One day we watched a father riding his bicycle. He had a small child in a child seat on the back of his bike and a baby in a knapsack (sort of) on his back, unbelievable! Obviously, he doesn’t wobble as much as we do.
It was nice to have Peter and Pearl stop by for a week and camp next to us. Anyone else from home that wants to ship their RV to Europe, let us know and we can try and get together somewhere. We might be seeing Peter and Pearl again in Vienna depending on how our journeys both work out. Mike and I are planning on doing a circle around Austria and then continuing to the tail (Innsbruck etc.). Next should be Germany. It is very possible that we won’t get out of Austria this year. I am not sure that the Austrian mountains are where I want to return to in the winter, we will see.
Although Slovenia is well-known for its outdoor activities, it certainly does have its own history and culture. The capital city of Ljubljana is lovely, and we enjoyed visiting it a couple of times. It has a great pedestrian area, an interesting castle on the hill overlooking the city and a historical bike route around the entire city. We had a great time in the Museum of Illusions in Ljubljana. Mike discovered coffee flavoured coca cola while we were here. He hasn’t yet been able to find it anywhere else, but he says he will keep looking.
We spent a fair bit of time driving and biking in this little corner of Italy where we have been camping. It was a good reminder of why we aren’t taking our RV any further into Italy than where we are now, just at the border. I will say that having this ease of crossing borders is absolutely great. We spent much more time in all three countries than we would have done if there had been border line-ups and customs and immigration officials like there are at home. It seems to me that everyone benefited.
I am afraid that it is time to leave this lovely part of the world. We had always planned to leave two days after we arrived back. Mike is already talking about delaying our departure, but my guess is that that won’t happen.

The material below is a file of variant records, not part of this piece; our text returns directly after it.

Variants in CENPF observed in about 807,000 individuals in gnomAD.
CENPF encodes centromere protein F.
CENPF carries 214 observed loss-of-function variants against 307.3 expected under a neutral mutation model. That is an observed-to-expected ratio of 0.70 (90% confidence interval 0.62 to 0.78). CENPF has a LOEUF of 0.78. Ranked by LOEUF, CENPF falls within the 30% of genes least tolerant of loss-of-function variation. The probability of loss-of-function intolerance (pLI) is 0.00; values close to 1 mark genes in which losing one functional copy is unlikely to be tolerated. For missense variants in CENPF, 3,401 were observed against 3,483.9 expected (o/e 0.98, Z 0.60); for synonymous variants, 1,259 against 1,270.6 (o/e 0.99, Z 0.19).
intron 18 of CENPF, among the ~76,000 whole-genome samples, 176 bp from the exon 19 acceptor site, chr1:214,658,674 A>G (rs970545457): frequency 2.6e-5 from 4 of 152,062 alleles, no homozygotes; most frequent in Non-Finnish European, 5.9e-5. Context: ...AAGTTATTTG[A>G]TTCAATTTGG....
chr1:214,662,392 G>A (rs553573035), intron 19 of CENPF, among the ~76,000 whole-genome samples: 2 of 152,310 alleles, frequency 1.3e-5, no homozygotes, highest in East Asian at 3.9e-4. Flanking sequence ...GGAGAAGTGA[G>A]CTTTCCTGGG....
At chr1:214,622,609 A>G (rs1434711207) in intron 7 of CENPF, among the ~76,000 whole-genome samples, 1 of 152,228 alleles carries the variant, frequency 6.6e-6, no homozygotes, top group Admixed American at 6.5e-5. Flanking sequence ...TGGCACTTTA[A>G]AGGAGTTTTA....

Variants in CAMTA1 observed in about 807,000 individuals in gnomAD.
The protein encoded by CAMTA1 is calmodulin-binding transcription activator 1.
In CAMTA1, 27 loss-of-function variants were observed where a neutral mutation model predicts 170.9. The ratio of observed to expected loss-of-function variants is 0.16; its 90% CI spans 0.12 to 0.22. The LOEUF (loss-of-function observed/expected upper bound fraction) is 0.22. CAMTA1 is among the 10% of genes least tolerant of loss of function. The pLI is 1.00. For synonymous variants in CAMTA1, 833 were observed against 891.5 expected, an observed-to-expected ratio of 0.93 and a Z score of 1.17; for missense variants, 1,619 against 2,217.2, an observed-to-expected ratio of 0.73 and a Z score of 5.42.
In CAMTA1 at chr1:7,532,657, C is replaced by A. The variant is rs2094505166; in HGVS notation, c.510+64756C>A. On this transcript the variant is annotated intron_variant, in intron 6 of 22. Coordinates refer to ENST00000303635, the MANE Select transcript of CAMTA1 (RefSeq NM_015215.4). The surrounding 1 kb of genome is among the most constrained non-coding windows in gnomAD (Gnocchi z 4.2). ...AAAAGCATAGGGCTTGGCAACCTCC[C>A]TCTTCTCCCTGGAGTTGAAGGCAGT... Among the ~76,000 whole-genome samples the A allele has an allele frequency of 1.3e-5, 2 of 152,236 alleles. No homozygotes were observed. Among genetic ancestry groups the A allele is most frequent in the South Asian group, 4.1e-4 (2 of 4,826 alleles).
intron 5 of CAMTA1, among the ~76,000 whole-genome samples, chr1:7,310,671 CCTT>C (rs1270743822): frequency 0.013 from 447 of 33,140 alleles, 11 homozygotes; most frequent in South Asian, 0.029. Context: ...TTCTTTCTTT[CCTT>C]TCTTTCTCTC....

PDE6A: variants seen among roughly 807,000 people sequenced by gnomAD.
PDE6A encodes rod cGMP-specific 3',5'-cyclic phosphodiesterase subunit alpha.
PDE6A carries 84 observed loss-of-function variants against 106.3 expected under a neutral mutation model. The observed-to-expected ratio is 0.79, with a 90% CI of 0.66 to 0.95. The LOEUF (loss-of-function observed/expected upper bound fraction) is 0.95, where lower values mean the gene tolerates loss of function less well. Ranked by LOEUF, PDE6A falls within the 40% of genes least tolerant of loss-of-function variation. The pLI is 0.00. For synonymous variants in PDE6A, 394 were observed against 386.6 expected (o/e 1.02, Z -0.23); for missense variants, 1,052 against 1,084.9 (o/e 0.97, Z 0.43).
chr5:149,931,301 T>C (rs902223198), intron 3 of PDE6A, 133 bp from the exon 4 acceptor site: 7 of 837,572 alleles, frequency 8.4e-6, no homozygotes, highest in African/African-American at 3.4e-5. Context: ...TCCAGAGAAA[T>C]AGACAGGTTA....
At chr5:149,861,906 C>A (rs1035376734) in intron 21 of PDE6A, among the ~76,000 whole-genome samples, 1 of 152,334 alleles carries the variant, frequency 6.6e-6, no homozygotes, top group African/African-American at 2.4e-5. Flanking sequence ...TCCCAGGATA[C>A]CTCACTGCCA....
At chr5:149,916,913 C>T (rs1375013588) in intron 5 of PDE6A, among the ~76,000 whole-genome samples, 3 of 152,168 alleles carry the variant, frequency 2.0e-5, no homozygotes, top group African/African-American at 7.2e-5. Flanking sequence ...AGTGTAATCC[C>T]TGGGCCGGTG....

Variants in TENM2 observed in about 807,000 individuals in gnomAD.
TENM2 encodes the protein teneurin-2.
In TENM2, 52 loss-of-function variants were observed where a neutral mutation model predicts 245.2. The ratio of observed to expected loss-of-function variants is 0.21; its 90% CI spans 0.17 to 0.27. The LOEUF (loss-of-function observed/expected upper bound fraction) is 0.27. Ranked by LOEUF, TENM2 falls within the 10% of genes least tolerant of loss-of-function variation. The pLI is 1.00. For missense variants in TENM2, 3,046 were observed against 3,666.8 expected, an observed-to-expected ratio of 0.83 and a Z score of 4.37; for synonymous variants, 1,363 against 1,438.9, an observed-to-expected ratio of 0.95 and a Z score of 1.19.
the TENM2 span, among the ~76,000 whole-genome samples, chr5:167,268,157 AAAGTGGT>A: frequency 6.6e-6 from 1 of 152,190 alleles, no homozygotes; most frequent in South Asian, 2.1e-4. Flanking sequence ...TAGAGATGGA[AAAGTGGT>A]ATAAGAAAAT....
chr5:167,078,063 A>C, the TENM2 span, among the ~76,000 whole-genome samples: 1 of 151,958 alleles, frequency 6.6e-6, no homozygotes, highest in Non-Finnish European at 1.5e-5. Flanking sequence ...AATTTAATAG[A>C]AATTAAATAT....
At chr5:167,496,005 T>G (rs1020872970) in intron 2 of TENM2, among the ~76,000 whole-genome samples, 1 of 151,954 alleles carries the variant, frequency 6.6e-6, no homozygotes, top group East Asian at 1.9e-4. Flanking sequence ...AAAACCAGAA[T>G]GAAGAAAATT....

We have a few different routes we can use to get to Austria with the RV. The safest route is to backtrack about 25 km (15 miles) into Slovenia and then drive on a major highway, through a large tunnel, across the border. The toll for our car going through the tunnel was $18 Cdn. Who knows what it would be for the RV towing the car? The faster (and cheaper) choice is to go in the opposite direction, slightly further into Italy. The roads on this route are your typical narrow, winding Italian roads. Even worse than the condition of the roads, which are scary, is an underpass below a bridge that cannot be avoided. The sign in front of the underpass says it is 3.8 metres high. Our RV is 3.9 metres high! The underpass is arched and located immediately before a blind curve in the road. Mike thinks that 3.8 m sign refers to the height below the lowest part of the arch (i.e. near the edge of the road). He thinks that if we go slowly right down the centre of the road, we should be OK. Of course, that would mean our motorhome would be in the middle of the road when approaching the blind curve. There is quite a bit of traffic on the road, so driving down the middle when approaching a blind curve doesn’t thrill me. We meant to bring our laser measurer from home, which would allow us to measure the height accurately and quickly, but we forgot it. Currently Mike is leaning towards the Italy route. He wants both of us to drive the two vehicles separately until we get beyond the narrow roads and the bridge because we cannot back up when the car is in tow. Wish us luck and stay tuned for what we decide.